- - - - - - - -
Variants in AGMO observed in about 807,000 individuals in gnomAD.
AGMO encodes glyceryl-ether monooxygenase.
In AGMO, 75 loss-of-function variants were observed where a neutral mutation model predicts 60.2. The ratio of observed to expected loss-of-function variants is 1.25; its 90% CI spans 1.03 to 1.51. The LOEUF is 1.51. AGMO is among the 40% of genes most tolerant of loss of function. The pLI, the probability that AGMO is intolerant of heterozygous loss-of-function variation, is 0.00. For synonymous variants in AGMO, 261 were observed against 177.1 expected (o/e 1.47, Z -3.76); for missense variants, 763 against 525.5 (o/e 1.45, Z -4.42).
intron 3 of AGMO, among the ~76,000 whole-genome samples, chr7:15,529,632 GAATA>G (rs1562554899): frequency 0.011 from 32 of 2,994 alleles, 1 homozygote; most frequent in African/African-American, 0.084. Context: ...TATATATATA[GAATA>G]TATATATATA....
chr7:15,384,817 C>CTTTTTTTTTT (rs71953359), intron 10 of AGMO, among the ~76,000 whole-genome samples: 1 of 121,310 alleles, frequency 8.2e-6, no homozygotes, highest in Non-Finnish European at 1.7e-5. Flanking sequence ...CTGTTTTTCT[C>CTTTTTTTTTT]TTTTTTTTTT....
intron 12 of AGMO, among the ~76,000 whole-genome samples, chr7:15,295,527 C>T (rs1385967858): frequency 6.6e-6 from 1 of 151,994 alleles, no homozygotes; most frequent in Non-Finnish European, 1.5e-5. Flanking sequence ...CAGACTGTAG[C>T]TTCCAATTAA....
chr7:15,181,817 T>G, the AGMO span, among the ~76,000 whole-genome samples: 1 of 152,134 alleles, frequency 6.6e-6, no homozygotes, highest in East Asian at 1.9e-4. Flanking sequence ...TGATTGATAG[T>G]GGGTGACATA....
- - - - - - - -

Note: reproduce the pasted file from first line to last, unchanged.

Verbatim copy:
Variants in AGMO observed in about 807,000 individuals in gnomAD.
AGMO encodes glyceryl-ether monooxygenase.
In AGMO, 75 loss-of-function variants were observed where a neutral mutation model predicts 60.2. The ratio of observed to expected loss-of-function variants is 1.25; its 90% CI spans 1.03 to 1.51. The LOEUF is 1.51. AGMO is among the 40% of genes most tolerant of loss of function. The pLI, the probability that AGMO is intolerant of heterozygous loss-of-function variation, is 0.00. For synonymous variants in AGMO, 261 were observed against 177.1 expected (o/e 1.47, Z -3.76); for missense variants, 763 against 525.5 (o/e 1.45, Z -4.42).
intron 3 of AGMO, among the ~76,000 whole-genome samples, chr7:15,529,632 GAATA>G (rs1562554899): frequency 0.011 from 32 of 2,994 alleles, 1 homozygote; most frequent in African/African-American, 0.084. Context: ...TATATATATA[GAATA>G]TATATATATA....
chr7:15,384,817 C>CTTTTTTTTTT (rs71953359), intron 10 of AGMO, among the ~76,000 whole-genome samples: 1 of 121,310 alleles, frequency 8.2e-6, no homozygotes, highest in Non-Finnish European at 1.7e-5. Flanking sequence ...CTGTTTTTCT[C>CTTTTTTTTTT]TTTTTTTTTT....
intron 12 of AGMO, among the ~76,000 whole-genome samples, chr7:15,295,527 C>T (rs1385967858): frequency 6.6e-6 from 1 of 151,994 alleles, no homozygotes; most frequent in Non-Finnish European, 1.5e-5. Flanking sequence ...CAGACTGTAG[C>T]TTCCAATTAA....
chr7:15,181,817 T>G, the AGMO span, among the ~76,000 whole-genome samples: 1 of 152,134 alleles, frequency 6.6e-6, no homozygotes, highest in East Asian at 1.9e-4. Flanking sequence ...TGATTGATAG[T>G]GGGTGACATA....